Salusbury, Thomas, Mathematical collections and translations (Tome I), 1667

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1deſcending groweth leſs & leſs in it, the nearer it is to the firſt term
of its deſcent; that is, to the ſtate of reſt; as is manifeſt from that
which you declare unto us, demonſtrating that the deſcending grave
body departing from reſt, ought to paſſe thorow all the degrees of
tardity comprehended between the ſaid reſt, & any aſſigned degree
of velocity, the which grow leſs and leſs in infinitum. To which may
be added, that the ſaid velocity and propenſion to motion, doth for
another reaſon diminiſh to infinity; and it is becauſe the gravity of
the ſaid moveable may infinitely diminiſh.
So that the cauſes which
diminiſh the propenſion of aſcending, and conſequently favour
the projection, are two; that is, the levity of the moveable, and its
vicinity to the ſtate of reſt; both which are augmentable in infinit.
and theſe two on the contrary being to contract but with one ſole
cauſe of making the projection, I cannot conceive how it alone,
though it alſo do admit of infinite augmentation, ſhould be able to
remain invincible againſt the union & confederacy of the others, w^{ch}
are two, and are in like manner capable of infinite augmentation.
SALV. This is a doubt worthy of Sagredus; and to explain it ſo as
that we may more cleerly apprehend it, for that you ſay that you
your ſelf have but a confuſed Idea of it, we will diſtinguiſh of the
ſame by reducing it into figure; which may alſo perhaps afford us
ſome caſe in reſolving the ſame.
Let us therefore [in Fig. 4.] draw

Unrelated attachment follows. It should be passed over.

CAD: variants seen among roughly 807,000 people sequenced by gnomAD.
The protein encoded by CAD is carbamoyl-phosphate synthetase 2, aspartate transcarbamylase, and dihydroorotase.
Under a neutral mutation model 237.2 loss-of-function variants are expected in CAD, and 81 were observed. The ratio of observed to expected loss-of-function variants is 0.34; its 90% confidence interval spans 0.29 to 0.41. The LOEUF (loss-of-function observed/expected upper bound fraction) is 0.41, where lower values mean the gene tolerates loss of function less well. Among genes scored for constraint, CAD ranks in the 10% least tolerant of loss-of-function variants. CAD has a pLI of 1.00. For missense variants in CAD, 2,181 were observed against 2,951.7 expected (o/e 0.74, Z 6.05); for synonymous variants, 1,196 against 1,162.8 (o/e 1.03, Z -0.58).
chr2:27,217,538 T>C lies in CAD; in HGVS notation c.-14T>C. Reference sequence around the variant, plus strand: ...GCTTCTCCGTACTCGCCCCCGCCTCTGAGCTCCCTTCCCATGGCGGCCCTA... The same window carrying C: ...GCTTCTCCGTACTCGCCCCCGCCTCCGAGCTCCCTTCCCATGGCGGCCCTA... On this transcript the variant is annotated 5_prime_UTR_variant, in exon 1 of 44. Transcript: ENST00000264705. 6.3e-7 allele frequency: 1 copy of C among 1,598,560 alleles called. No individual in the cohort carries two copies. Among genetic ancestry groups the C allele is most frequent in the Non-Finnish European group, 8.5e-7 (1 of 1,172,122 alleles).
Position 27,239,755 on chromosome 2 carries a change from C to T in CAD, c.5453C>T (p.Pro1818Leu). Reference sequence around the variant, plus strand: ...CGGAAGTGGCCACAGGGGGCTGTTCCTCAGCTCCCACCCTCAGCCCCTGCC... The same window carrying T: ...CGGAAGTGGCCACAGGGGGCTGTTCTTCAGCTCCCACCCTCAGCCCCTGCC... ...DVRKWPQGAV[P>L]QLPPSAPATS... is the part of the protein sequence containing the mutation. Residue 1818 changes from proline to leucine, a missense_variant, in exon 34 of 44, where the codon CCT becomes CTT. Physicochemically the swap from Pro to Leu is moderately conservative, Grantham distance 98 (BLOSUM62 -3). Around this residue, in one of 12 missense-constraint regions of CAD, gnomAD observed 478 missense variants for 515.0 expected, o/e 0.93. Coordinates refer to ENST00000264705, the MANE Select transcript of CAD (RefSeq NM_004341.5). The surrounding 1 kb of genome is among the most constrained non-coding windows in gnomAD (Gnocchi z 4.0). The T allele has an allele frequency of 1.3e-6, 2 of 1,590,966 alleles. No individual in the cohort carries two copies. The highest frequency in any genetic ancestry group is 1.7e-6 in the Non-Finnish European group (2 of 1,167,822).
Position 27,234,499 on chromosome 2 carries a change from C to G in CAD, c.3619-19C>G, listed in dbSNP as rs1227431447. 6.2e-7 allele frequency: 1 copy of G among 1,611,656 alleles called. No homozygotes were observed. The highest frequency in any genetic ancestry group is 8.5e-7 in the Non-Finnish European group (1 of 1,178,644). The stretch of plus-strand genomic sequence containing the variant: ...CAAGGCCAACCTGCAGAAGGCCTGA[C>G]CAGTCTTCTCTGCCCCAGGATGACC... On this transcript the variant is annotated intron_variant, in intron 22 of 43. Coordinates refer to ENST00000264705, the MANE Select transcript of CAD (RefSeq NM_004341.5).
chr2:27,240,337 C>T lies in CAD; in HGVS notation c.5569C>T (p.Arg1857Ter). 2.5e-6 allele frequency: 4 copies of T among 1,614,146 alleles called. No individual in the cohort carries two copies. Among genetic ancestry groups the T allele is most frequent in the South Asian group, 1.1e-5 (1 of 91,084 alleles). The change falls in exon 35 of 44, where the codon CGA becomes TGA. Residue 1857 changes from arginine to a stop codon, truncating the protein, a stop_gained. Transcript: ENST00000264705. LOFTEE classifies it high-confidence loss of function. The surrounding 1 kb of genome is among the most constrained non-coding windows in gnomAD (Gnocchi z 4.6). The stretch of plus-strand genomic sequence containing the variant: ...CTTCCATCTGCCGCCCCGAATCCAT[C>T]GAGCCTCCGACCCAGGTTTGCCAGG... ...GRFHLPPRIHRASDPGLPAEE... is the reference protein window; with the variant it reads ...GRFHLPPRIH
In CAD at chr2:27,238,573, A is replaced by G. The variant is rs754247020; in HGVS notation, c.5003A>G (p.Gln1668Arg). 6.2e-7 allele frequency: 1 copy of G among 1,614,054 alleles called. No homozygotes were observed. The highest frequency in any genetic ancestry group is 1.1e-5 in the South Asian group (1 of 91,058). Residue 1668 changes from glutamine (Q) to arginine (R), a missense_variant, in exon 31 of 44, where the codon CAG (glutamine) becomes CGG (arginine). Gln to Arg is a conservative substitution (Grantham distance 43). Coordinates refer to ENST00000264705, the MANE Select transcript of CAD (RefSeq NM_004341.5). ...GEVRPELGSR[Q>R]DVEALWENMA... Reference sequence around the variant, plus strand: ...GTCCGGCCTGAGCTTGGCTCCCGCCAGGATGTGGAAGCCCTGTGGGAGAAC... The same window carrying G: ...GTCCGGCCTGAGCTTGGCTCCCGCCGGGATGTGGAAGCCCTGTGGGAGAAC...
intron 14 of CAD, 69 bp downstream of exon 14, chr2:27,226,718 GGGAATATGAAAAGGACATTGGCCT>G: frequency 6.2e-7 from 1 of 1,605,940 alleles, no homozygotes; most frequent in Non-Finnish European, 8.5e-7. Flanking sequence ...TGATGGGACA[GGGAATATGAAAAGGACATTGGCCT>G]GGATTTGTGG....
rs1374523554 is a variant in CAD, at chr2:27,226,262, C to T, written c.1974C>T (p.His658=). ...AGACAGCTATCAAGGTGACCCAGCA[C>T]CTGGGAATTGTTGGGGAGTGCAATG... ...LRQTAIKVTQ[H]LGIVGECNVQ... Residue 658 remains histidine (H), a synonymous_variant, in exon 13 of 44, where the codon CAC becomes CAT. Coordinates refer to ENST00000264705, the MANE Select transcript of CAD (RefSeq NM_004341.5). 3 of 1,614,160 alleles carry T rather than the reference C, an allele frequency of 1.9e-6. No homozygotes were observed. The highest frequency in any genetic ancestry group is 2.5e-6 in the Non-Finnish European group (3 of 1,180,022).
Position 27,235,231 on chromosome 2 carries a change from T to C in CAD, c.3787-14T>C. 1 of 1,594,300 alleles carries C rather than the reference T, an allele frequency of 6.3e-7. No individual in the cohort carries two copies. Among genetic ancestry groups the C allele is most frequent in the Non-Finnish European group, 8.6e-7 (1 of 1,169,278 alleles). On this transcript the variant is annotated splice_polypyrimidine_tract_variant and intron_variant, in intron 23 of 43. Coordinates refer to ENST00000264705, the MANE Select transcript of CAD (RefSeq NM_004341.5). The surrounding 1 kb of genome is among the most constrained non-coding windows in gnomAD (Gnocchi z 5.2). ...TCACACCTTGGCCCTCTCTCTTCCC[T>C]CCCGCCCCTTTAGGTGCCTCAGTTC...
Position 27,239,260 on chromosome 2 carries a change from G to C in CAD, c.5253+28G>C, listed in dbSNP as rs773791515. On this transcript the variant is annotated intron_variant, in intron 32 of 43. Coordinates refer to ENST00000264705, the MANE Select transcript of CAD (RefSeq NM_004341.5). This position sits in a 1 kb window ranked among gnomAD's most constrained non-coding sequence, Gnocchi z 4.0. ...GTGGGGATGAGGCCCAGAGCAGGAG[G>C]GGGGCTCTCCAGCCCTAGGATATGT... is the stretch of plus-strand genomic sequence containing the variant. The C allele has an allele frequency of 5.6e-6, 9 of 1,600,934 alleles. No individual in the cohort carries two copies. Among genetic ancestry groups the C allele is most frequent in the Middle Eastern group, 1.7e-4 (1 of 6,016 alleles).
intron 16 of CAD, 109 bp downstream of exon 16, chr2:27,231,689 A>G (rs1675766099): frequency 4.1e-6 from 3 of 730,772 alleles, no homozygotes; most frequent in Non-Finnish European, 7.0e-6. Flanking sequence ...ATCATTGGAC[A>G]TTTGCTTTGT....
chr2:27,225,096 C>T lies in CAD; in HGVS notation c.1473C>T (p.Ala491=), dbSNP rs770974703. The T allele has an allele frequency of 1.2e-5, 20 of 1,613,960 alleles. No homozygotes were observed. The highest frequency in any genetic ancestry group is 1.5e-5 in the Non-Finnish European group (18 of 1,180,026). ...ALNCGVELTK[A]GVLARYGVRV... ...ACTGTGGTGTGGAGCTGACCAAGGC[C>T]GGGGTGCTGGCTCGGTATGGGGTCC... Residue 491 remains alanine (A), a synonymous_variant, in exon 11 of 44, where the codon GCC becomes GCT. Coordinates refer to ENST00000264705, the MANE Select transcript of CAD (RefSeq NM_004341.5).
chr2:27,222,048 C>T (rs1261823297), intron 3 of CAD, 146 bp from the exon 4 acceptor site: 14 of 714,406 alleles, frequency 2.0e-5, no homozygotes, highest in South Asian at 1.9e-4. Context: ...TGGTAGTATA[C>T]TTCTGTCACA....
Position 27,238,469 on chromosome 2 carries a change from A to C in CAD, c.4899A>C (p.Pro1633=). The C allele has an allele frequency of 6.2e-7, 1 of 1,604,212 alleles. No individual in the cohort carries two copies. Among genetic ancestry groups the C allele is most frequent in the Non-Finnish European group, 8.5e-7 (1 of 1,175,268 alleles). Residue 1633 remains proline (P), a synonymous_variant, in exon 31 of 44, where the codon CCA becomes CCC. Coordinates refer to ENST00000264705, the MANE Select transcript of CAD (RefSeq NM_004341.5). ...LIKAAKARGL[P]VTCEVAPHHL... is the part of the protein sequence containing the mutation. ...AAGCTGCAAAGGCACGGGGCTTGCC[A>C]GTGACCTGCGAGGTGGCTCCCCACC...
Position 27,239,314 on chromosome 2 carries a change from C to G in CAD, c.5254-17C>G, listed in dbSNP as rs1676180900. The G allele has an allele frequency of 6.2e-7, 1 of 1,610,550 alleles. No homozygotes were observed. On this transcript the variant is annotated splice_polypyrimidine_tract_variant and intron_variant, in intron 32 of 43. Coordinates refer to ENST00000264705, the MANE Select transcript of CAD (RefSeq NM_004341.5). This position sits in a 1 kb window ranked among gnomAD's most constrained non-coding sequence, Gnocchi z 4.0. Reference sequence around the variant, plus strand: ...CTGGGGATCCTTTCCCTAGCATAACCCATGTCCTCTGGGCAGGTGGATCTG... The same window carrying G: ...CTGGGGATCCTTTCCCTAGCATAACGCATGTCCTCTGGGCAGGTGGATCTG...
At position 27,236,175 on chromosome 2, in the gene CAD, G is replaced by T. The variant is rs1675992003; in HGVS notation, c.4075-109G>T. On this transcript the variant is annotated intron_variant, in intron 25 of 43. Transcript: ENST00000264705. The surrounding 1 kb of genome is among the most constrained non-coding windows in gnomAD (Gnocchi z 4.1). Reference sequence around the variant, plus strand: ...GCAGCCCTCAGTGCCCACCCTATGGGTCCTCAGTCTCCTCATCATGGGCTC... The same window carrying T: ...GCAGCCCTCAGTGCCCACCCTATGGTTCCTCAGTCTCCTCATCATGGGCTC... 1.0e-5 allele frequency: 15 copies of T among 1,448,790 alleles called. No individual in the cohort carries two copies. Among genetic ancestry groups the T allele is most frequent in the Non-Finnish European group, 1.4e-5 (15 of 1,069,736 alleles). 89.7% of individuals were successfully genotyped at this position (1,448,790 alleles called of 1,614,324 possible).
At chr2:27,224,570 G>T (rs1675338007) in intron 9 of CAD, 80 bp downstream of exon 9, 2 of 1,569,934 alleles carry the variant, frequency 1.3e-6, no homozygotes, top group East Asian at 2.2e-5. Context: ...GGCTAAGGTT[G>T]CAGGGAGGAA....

a perpendicular line towards the centre, and let it be AC, and to it
at right angles let there be drawn the Horizontal line A B, upon
which the motion of the projection ought to be made; now the
ject would continue to move along the ſame with an even motion, if
ſo be its gravity did not incline it downwards.
Let us ſuppoſe from
the point A a right line to be drawn, that may make any angle at
pleaſure with the line A B; which let be A E, and upon AB let us
mark ſome equal ſpaces AF, FH, HK, and from them let us let fall
the perpendiculars FG, HI, K L, as far as AE.
And becauſe, as al
ready hath been ſaid, the deſcending grave body departing from reſt,
goeth from time to time acquiring a greater degree of velocity,
according as the ſaid time doth ſucceſſively encreaſe; we may
ceive the ſpaces AF, FH, HK, to repreſent unto us equal times; and
the perpendiculars FG, HI, KL, degrees of velocity acquired in the
ſaid times; ſo that the degree of velocity acquired in the whole time
A K, is as the line K L, in reſpect to the degree H I, acquired in the
time AH, and the degree FG in the time AF; the which degrees KL,
HI, FG, are (as is manifeſt) the ſame in proportion, as the times K A,
HA, F A, and if other perpendiculars were drawn from the points
marked at pleaſure in the line F A, one might ſucceſſively find
grees leſſe and leſſe in infinitum, proceeding towards the point A,
repreſenting the firſt inſtant of time, and the firſt ſtate of reſt.
And
this retreat towards A, repreſenteth the firſt propenſion to the